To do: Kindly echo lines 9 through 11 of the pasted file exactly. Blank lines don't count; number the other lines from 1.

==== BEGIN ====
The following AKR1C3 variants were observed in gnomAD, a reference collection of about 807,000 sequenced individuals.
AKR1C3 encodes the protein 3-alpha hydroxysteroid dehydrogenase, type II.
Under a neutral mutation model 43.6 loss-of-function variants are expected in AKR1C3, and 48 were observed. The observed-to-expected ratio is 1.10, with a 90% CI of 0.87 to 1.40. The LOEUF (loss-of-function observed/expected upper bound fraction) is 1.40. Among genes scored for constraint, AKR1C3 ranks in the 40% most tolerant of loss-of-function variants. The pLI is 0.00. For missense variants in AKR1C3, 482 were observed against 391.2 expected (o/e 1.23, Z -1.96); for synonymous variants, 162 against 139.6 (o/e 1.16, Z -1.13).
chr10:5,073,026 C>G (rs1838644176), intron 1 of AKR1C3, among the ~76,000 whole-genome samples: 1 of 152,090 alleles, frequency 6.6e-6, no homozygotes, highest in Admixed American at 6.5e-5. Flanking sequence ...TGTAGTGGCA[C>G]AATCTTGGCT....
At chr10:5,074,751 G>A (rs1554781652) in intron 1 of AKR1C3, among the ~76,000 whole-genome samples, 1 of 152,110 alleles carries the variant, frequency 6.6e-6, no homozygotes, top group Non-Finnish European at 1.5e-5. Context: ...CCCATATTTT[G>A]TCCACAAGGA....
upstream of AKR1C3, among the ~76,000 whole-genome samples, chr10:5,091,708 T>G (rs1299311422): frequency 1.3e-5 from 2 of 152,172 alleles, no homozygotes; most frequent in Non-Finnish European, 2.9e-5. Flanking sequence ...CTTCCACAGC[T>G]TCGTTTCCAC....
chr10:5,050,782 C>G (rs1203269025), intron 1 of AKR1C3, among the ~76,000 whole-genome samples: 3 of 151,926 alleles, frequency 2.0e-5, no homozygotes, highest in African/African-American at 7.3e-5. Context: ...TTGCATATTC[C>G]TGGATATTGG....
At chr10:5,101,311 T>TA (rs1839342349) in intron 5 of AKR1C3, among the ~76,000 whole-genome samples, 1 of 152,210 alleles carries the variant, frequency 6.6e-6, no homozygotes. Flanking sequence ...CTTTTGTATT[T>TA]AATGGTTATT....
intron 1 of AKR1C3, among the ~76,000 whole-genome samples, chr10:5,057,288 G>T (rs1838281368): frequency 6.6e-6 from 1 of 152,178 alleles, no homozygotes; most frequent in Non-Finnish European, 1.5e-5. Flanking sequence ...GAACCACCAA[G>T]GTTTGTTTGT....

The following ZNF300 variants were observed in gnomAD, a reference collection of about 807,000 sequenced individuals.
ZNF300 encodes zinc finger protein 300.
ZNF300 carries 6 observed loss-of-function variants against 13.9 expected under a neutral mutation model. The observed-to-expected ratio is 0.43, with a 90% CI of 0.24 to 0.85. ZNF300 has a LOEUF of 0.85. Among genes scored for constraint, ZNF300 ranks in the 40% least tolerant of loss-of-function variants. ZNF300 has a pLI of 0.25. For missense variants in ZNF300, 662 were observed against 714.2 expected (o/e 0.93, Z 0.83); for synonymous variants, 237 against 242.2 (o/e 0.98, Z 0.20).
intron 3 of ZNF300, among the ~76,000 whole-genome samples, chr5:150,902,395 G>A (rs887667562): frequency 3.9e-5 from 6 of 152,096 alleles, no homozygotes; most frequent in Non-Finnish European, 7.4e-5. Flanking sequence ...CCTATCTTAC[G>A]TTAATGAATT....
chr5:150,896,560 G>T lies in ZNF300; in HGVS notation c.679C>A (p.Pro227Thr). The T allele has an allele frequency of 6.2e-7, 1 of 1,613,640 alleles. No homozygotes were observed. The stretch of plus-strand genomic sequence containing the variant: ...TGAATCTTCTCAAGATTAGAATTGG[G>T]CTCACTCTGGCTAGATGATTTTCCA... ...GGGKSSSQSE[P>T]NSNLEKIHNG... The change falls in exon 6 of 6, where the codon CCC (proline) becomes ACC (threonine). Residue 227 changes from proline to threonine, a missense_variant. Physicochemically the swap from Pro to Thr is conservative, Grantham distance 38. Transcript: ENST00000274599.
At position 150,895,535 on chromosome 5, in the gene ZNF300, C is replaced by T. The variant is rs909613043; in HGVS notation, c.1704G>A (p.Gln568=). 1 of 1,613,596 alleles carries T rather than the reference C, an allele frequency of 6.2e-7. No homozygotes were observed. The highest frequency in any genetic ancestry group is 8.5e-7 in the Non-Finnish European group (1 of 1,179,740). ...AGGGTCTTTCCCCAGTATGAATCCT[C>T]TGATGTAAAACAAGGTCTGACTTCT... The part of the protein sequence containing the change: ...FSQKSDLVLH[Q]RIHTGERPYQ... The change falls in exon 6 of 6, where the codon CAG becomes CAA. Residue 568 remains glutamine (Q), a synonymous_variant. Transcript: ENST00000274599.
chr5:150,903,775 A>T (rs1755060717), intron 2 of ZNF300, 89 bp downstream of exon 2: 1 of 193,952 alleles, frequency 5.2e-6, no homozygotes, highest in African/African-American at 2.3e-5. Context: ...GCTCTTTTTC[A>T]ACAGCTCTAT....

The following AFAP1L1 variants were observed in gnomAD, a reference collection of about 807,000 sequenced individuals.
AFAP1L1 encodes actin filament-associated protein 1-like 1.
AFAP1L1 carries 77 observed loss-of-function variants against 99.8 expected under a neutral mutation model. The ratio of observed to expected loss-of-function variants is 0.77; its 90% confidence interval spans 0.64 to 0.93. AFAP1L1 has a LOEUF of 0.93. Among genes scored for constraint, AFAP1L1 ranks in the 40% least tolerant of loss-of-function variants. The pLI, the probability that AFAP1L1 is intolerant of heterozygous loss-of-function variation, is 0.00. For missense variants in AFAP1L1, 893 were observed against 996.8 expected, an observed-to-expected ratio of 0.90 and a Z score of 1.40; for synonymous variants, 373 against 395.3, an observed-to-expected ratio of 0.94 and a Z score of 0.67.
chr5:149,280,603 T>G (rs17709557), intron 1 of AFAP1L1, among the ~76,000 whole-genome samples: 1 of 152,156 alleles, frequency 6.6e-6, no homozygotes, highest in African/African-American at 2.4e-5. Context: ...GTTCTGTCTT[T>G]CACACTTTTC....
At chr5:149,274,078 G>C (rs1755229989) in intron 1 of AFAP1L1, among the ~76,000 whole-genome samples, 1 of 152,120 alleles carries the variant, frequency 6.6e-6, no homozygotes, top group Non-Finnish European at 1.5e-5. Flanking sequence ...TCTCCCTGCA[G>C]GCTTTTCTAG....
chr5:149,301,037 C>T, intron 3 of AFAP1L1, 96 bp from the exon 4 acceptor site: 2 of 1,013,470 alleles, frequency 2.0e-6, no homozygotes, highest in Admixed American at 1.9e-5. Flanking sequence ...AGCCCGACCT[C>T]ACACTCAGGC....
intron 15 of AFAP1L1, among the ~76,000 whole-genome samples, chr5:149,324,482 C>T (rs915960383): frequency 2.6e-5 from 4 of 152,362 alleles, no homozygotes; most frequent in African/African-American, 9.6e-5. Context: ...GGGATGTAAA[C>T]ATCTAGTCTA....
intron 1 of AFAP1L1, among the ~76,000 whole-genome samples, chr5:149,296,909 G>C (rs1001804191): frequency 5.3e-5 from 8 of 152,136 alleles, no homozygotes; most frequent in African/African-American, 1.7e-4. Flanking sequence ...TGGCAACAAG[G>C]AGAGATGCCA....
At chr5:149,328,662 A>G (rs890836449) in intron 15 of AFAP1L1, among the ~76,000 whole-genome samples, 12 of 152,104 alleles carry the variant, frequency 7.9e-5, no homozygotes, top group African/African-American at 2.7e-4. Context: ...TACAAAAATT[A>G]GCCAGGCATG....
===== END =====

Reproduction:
intron 1 of AKR1C3, among the ~76,000 whole-genome samples, chr10:5,057,288 G>T (rs1838281368): frequency 6.6e-6 from 1 of 152,178 alleles, no homozygotes; most frequent in Non-Finnish European, 1.5e-5. Flanking sequence ...GAACCACCAA[G>T]GTTTGTTTGT....

The following ZNF300 variants were observed in gnomAD, a reference collection of about 807,000 sequenced individuals.
ZNF300 encodes zinc finger protein 300.